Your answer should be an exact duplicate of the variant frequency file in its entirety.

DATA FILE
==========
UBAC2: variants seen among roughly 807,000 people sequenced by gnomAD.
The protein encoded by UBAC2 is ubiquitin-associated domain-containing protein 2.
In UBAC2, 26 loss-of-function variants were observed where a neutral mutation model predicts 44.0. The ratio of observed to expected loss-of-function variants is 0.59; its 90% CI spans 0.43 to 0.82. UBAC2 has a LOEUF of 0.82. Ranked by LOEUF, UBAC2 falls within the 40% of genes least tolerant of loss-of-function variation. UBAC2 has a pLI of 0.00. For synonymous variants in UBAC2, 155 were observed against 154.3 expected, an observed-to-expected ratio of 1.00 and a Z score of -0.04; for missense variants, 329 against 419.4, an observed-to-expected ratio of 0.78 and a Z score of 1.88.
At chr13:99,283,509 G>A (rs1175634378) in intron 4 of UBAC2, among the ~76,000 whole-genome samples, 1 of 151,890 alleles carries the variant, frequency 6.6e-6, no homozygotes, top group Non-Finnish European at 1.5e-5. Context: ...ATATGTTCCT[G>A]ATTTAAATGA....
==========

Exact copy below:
UBAC2: variants seen among roughly 807,000 people sequenced by gnomAD.
The protein encoded by UBAC2 is ubiquitin-associated domain-containing protein 2.
In UBAC2, 26 loss-of-function variants were observed where a neutral mutation model predicts 44.0. The ratio of observed to expected loss-of-function variants is 0.59; its 90% CI spans 0.43 to 0.82. UBAC2 has a LOEUF of 0.82. Ranked by LOEUF, UBAC2 falls within the 40% of genes least tolerant of loss-of-function variation. UBAC2 has a pLI of 0.00. For synonymous variants in UBAC2, 155 were observed against 154.3 expected, an observed-to-expected ratio of 1.00 and a Z score of -0.04; for missense variants, 329 against 419.4, an observed-to-expected ratio of 0.78 and a Z score of 1.88.
At chr13:99,283,509 G>A (rs1175634378) in intron 4 of UBAC2, among the ~76,000 whole-genome samples, 1 of 151,890 alleles carries the variant, frequency 6.6e-6, no homozygotes, top group Non-Finnish European at 1.5e-5. Context: ...ATATGTTCCT[G>A]ATTTAAATGA....